Name: Jeremy Bromwell
Residence: Full-time RVer based in Florida for the winter
Job: Founder, Your Marketing Explorer
Family status: Single
Peak weight: 243 pounds
Current weight: 174 pounds
Jeremy Bromwell always made it a point to stay active and maintain a healthy weight — he lifted weights at his gym and ran 5ks, 10ks and a half marathon. “[Exercise] was something I did pretty regularly to help keep my weight in check, so I wouldn’t be giving up the experience when I sat down to a meal at a restaurant,” he says.
That all changed in October 2014, when Bromwell was riding his motorcycle home from work in San Francisco and was hit by an SUV. The accident shattered both of the bones in his lower leg. He was expected to recover in about six months, but his bone became infected.
“Talk about adding some mental and emotional barriers on top of the physical. At the six-month mark I was supposed to be back to normal. That got blown up — it became ‘wait and see, we don’t know’. My brain was not able to wrap around it,” he says. Bromwell needed 10 surgeries before that bone healed properly, and the last one was performed in December 2016, more than two years after his accident.
“The motorcycle accident was the first time I had physical limitations imposed that I couldn’t work out on my own,” he says. “I lost control of the activities I could and couldn’t do. That was where I really started to struggle.”
He splurged as he healed
As Bromwell recovered, he concedes that he overdid it. “For a long time, I couldn’t do the things I enjoyed. As I started to get more mobility back and I was able to drive myself, I over-indexed for all the things I hadn’t been able to do, whether that was a glass of wine or a restaurant or both,” he says.
Samantha Cassetty, MS, RD, a nutrition and weight-loss expert with a virtual nutrition counseling practice based in New York City, understands the desire to turn to food after an event like Bromwell’s. “He went through a very tragic and challenging experience, and food can be such a source of pleasure and comfort. It’s the quickest route to feeling better,” she says.
Bromwell says his ramped-up social life contributed to his weight gain. “Once I could start to meet friends and colleagues out of the house it was nice to do that. That, combined with not being able to do things like weights a couple of days and cardio three to five days, was the catalyst for the weight gain.”
Cassetty points out that while exercise isn’t as useful for weight loss, it’s very helpful for weight maintenance. “So, the decline in activity levels can definitely promote weight gain,” she says.
Bromwell gained 30 pounds, and during a four-month long road trip with his partner in summer 2017, trying restaurants in different U.S. cities, he added another 30 pounds.
Back in California in November 2017, Bromwell and his partner split up. “I was single for the first time in four years and I was really heavy. It’s amazing — when you see yourself every day you don’t see yourself changing. You look back and think, ‘What the hell happened to me?’”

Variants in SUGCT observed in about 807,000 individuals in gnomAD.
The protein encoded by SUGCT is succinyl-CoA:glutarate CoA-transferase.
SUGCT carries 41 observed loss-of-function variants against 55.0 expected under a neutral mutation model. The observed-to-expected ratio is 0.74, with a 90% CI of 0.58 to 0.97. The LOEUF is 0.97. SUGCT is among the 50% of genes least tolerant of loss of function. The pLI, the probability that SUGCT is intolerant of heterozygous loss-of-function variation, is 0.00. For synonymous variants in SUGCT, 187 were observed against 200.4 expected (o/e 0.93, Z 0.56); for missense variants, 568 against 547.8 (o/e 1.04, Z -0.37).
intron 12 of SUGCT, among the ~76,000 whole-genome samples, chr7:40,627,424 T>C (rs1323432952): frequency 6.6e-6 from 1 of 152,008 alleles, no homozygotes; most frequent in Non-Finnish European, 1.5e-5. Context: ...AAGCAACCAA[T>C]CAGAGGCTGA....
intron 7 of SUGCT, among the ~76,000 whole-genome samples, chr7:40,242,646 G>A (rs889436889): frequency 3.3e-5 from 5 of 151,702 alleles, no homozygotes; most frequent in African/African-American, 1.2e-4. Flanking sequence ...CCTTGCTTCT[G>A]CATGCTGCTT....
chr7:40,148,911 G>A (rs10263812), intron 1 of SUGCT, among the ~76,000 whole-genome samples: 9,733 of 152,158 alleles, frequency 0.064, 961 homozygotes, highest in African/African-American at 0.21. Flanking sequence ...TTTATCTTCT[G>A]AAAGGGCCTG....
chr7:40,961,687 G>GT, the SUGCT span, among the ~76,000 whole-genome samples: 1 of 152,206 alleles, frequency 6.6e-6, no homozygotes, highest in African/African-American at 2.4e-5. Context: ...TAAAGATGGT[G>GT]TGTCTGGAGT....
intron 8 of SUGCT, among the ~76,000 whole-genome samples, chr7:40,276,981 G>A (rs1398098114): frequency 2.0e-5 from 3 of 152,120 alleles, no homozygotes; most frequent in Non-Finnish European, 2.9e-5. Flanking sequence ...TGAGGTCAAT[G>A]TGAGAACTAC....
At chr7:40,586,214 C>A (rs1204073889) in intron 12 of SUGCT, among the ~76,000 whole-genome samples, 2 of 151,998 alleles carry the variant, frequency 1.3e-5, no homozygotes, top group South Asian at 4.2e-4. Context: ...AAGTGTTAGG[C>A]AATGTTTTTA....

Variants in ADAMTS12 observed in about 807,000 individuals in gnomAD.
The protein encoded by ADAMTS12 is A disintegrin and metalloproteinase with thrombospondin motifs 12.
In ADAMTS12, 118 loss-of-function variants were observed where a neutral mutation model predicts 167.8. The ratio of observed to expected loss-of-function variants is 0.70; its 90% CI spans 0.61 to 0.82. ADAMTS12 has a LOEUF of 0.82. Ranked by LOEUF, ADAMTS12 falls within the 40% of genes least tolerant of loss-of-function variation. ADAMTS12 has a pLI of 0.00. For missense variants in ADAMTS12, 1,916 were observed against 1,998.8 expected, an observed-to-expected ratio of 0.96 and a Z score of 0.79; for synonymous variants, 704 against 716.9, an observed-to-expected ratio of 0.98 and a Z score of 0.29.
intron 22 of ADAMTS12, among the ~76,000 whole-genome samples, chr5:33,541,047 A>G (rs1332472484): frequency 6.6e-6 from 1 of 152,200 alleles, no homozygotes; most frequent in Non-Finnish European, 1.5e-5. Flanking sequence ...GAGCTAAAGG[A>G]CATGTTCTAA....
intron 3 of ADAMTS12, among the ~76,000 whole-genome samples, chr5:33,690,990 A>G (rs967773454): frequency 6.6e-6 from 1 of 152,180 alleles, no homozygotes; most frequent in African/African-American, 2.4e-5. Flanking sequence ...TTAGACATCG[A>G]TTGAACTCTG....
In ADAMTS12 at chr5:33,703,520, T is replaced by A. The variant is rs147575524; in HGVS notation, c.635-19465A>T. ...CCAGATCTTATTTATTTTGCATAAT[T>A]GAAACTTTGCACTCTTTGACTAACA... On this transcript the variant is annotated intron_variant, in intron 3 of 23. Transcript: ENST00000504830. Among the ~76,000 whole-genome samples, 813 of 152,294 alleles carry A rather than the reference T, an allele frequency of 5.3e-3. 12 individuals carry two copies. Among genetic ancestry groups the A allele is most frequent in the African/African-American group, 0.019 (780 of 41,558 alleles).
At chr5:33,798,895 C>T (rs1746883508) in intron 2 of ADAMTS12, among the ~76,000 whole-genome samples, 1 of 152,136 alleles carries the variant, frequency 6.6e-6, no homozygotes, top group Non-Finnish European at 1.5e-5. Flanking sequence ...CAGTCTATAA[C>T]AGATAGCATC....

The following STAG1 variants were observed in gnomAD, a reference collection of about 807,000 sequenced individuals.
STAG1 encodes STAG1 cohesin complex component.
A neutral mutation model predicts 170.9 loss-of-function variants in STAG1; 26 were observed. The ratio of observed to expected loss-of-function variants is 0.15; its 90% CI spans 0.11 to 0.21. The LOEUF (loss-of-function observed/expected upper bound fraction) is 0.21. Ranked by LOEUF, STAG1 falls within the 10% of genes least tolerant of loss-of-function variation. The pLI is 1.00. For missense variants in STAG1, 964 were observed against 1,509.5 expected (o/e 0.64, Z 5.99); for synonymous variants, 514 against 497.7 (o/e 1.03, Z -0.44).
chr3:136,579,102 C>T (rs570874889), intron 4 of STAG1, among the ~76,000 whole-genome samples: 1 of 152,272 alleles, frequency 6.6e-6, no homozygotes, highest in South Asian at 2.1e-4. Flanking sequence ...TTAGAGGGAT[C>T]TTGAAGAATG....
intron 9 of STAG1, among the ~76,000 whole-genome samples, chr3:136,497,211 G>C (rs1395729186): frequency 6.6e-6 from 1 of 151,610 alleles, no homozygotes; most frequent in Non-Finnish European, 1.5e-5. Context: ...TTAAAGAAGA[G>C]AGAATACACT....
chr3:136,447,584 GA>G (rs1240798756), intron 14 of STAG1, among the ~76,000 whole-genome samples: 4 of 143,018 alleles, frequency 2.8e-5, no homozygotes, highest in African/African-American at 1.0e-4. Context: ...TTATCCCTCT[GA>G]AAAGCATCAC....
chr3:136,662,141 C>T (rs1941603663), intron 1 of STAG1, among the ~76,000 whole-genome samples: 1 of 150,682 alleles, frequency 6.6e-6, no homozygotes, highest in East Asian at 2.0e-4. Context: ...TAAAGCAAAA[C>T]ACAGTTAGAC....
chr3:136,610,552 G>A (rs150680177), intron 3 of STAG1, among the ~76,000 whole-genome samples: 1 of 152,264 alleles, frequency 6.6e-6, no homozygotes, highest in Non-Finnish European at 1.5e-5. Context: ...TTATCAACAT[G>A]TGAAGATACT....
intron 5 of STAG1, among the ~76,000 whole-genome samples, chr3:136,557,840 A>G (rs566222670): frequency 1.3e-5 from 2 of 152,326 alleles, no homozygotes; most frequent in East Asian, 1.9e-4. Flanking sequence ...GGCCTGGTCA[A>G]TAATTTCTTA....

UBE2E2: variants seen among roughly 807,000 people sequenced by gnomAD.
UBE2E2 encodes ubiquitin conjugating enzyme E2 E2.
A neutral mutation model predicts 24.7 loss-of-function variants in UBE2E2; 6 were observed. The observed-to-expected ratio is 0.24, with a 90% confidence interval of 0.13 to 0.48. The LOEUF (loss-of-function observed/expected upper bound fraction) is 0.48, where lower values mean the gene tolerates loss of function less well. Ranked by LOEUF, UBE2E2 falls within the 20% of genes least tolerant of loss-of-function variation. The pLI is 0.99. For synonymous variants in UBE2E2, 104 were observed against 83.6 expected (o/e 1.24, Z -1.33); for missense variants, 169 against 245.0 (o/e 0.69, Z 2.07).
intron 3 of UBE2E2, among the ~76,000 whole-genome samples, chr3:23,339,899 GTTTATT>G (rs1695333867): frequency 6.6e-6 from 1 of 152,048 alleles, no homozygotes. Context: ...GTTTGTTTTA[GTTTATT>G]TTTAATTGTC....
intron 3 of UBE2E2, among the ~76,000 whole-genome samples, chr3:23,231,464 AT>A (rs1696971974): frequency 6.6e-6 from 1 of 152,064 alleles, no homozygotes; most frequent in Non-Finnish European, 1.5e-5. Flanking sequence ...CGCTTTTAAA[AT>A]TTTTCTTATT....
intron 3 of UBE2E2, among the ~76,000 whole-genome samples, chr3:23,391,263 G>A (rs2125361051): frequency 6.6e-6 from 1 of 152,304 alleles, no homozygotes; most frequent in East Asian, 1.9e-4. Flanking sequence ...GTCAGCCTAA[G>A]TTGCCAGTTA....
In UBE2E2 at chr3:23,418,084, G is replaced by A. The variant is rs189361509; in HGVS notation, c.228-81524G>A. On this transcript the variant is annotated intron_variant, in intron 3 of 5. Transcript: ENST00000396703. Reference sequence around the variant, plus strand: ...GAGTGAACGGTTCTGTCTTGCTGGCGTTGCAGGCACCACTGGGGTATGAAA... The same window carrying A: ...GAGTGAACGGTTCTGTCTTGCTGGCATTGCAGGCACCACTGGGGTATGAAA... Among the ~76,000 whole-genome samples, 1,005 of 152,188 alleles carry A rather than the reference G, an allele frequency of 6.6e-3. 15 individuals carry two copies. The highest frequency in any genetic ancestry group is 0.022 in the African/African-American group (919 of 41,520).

He changed his life and focused on his health
Inspired by the summer road trip, Bromwell decided to try living and working on the road full-time. He also decided he needed to get serious about losing weight.
“I had a lot of leg pain from carrying around the extra weight. I wanted to move forward in a happier, healthier way and get back to my pre-accident weight, even though it seemed like an infinity away,” he says.
Cassetty recognizes that a lot of people, like Bromwell, want to get back to a previous weight. But focusing on the scale can be a challenge. “The number on the scale is often beyond your control — stress, sleep, age, medications, can all play a role,” she says.
She recommends goals you can control, like exercising twice a week, cooking two dinners at home, or meal prepping for an hour over the weekend. “When you focus on a goal that you can accomplish, it can lead to behavior change and that will typically result in achieving a more comfortable weight,” she says.
With a background in digital marketing and analytics, Bromwell loves tracking and understanding data. He also knew he wanted a healthy lifestyle, not a diet where he felt forced to give things up. “I learned enough about my body through all those surgeries that I knew I needed to listen to my body,” he says. “I wanted to make healthy choices in a mindful way.”
He started using the Lose It! app to log his food, bring together data about his activity and sleep, and track his progress toward his goal of losing a pound a week.
Cassetty says this type of tracking can be a good tool. “For those who appreciate the data and feedback, studies show that this form of self-monitoring can be very effective for weight loss, and research shows that many people don’t have any problems with it,” she says. It’s a personal choice, though. “Some people find it tedious and it can lead to an unhealthy obsession about food,” she says.
He logged everything he consumed
Focusing on portion size made a big difference for Bromwell. “I had to get back in the habit of cooking for one,” he says. “I had to figure out on the road how to make better choices. I had to balance the experiences of meeting people, seeing new places, and traveling solo with affordable and easier-to-eat healthy cooking.”
He explored farmers’ markets to find fresh, healthy ingredients. He also started weighing his food. “I’m not a person who wants to give something up. I’m more deliberate and more conscious. Instead of a high-calorie, high-carb meal I’ll have something steamed, fresher and leaner,” he says.
On holidays and vacations he still tracked what he ate, but he gave himself the flexibility to go over budget.